An Israeli soldier sits rather cheerily on top of his tank turret as he rolls past the Friends Boys School, a century-old and now coeducational school founded by the American Quakers. After all, there is not much to fear in the silenced neighborhoods of Ramallah and Bireh a few days after Operation Determined Path has swept the twin cities on 24 June 2002. At the edge of the soccer field, in the cool light of early evening, the soldier's head turns and the tank slows with a grating screech, for tanks are noisome and discordant creatures. What is he looking at?
Before a stand of pine trees, five cars line up on a narrow curved road that begins and ends in the grassy field. The cars seem to be striving to be one-dimensional: they are flattened, crumbled, bent out of shape. Even so they are unmistakably cars, and despite their bedraggled state, look like they are going on a journey: perhaps forward to an Israeli settlement perched on a nearby hill and dominating the horizon.
Artist Vera Tamari, who created the installation "Going for a Ride?" ("Masheen?") from cars destroyed in the April 2002 invasion of Ramallah, watches the soldier from her balcony across the street and breathes a sigh of relief as the tank rumbles on. She and several assistants had carefully painted tank tracks across the road-to-nowhere; the prospect of a real tank following the painted path, however, was a little too genuine.
The reality of the absurd is a central feature of Ramallah life in the era of Israeli invasion and re-occupation of Palestinian cities: both Tamari's installation and a major exhibit at the Ramallah Municipality entitled "Eyewitness" and also featuring damaged objects from the April 2002 invasion opened some hours before the tanks rolled into Ramallah and Bireh once again. The crowded and enthusiastic audiences were thus summarily replaced by an eerie audience of those who were both responsible for the real damage to the objects that the exhibits rendered aesthetic, and who threatened to repeat the experience.
Eyewitness in Ramallah
The "Eyewitness" exhibit, organized by an informal women's committee in cooperation with the Ramallah Municipality and PECDAR (a Palestinian coordinating body for development aid), opened with a packed Sunday afternoon concert that gave a festive air to the cavernous basement hall housing the exhibit. "Festivity" might seem to strike the wrong note, given the exhibit's grim contents, but reflected the social goals of an admirable ad hoc group of women activists that had initiated the exhibit and done much of the hard and exacting work: goals of not only preserving memory but restoring community life.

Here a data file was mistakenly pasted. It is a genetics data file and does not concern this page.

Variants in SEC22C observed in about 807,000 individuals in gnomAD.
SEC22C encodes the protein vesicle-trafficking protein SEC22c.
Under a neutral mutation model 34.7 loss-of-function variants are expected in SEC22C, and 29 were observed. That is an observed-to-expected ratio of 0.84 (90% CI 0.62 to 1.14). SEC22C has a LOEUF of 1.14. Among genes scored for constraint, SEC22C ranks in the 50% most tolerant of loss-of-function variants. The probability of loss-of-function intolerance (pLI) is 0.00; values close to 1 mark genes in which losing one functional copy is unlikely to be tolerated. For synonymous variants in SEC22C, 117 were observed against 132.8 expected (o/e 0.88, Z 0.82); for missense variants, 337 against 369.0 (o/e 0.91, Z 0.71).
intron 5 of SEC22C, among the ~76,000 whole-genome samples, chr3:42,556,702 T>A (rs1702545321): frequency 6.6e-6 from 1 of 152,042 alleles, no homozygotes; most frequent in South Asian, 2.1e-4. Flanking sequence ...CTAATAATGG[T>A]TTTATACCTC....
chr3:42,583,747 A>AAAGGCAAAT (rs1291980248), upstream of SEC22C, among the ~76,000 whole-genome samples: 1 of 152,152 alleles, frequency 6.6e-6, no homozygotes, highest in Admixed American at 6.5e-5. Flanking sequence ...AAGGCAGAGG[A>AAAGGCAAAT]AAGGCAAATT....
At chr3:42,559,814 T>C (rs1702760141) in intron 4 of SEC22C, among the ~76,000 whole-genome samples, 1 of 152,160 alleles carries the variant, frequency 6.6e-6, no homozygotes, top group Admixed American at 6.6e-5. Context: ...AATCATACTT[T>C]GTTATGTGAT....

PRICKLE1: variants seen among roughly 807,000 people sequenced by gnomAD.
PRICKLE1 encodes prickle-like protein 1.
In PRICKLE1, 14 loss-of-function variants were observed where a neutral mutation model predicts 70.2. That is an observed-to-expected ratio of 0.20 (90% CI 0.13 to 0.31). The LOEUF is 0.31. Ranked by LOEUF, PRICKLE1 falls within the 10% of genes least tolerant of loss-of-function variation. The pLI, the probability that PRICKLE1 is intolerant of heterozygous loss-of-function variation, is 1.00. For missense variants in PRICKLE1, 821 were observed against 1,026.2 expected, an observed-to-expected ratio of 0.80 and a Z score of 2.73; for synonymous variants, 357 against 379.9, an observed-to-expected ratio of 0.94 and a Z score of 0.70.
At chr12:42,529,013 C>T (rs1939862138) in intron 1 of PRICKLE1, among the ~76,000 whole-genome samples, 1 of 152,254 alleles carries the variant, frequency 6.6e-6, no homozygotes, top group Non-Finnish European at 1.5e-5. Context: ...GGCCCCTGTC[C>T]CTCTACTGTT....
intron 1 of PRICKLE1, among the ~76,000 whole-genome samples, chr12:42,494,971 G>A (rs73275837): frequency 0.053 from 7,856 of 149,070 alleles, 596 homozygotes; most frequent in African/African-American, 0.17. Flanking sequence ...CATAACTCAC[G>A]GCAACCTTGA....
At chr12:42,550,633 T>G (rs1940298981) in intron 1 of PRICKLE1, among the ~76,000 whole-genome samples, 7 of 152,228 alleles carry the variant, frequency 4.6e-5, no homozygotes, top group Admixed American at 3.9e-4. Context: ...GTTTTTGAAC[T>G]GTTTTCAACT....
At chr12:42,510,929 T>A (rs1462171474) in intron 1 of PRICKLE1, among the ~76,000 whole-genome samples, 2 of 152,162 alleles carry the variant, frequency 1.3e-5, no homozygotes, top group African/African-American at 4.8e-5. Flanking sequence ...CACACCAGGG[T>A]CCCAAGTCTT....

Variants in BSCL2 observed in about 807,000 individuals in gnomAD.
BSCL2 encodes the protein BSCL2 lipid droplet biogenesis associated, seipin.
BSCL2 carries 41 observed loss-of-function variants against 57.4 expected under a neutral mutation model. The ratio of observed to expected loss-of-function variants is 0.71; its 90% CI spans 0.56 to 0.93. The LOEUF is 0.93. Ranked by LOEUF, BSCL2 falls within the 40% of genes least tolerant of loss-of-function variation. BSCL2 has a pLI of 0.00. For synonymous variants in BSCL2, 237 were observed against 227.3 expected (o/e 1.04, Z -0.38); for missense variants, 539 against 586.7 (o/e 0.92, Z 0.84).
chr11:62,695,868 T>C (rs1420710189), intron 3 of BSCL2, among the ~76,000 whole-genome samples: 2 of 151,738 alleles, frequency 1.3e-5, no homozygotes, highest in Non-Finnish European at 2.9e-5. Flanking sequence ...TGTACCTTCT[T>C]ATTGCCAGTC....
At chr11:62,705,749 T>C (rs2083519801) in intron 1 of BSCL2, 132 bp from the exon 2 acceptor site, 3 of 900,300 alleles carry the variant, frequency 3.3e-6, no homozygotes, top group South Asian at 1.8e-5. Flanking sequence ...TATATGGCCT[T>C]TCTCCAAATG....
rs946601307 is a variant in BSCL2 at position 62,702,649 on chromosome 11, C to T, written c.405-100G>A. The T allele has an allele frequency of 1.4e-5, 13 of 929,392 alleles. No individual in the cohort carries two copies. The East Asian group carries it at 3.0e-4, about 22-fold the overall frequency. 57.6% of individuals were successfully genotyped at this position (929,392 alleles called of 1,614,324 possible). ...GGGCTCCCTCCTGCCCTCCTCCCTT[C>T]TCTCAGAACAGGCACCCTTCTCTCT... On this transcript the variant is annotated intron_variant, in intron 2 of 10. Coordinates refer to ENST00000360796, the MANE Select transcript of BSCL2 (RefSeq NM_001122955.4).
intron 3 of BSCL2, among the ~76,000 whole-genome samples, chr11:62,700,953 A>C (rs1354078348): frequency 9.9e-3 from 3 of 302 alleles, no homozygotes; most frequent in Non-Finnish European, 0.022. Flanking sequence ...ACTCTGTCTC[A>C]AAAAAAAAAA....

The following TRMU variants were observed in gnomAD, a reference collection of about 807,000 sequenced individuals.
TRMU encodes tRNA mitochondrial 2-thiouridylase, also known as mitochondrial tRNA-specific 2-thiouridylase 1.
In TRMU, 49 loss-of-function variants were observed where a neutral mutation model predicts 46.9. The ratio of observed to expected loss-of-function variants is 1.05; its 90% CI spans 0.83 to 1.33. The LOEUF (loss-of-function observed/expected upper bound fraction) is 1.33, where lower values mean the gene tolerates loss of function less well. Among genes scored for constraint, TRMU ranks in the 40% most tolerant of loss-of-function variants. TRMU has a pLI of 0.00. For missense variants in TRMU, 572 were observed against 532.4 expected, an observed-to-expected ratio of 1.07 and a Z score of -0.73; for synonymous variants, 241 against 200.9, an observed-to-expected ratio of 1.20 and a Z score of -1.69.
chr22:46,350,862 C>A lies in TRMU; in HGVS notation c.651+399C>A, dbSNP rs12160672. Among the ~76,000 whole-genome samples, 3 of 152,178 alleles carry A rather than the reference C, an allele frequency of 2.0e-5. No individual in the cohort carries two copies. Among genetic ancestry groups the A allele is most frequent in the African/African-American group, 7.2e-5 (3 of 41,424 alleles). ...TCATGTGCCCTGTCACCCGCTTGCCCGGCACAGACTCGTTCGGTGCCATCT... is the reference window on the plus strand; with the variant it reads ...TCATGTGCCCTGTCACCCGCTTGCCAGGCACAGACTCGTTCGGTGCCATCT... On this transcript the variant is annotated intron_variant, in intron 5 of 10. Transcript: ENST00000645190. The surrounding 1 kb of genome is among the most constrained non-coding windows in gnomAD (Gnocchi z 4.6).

The spirit was also combative; as one committee activist noted: "Something small happens to Israelis and they make it big. Something huge happens to us and we forget it. We want to change that."
The unplastered and dimly-lit exhibit hall was unfortunately reminiscent of a storeroom where junk has been piled by those reluctant to throw away discarded and derelict objects, unlovely and unloved. The fact that damaged objects are visually and emotively "junk" underlines one of the aesthetic problems of staging such an exhibit: how to express the disorder of damage and destruction through some form of artful ordering?
The designer of the interior exhibit, artist Husni Radwan, as well as the other artists and activists who worked on the exhibit and on an installation of smashed cars in a nearby parking lot, used several ordering principles, including grouping objects by type and setting-from domestic furnishings to office equipment to bathroooms. A giant and effective photo-collage of downtown Ramallah dominated one wall. A corner featured a photo exhibit linking objects to settings in Ramallah and Bireh. A video-the only object in working order-played in another corner, showing images of Ramallah's damaged streets and institutions. Two rows of broken computer screens marched through the center of the room; a television that seems to have met a sledge-hammar is matched with a comfy chair at a drunken tilt, a broken remote control on the ground nearby. A plant sits in an empty file cabinent.
In the parking lot across from the exhibit, a tower of smashed cars, conceived by artists Taysir Barakat and Nabil Anani, is spraypainted white, with children's paintings of hearts, faces, butterflies, a red and blue tank and other symbols on its lower parts. The artists and the kids reportedly had aesthetic differences, resolved in a piece that remains part of the Ramallah landscape.
In the interior exhibit, writer Walid Bakr has adroitly placed text messages near or on a range of objects. An eye is painted on one broken computer, and a line of text reads: "The path is an open eye to see things," A dangling door has the encouraging slogan, "The broken door is a wide space." Another domestic setting features a dry fishbowl containing a empty sardine can. The inscription warns: "Don't forget to feed the fish." But this inscription was not written for the exhibit: an Israeli soldier, occupying a Ramallah residence in the April 2002 invasion, left this message behind along with his garbage-a military contribution to the "found object" (object trouvee) artistic tradition.
Both "Going for a Ride" and the tower of cars and other elements of "Eyewitness" are firmly in the contemporary and ubiquitious tradition of installation art, but the usage of text in "Eyewitness" evokes an older, and interesting, artistic resonance: Dada and Surrealism and particularly the former. A leading artist in the Dadaist movement, Marcel Duchamp, described the use of text in his presentation of "ready-made" objects in 1915: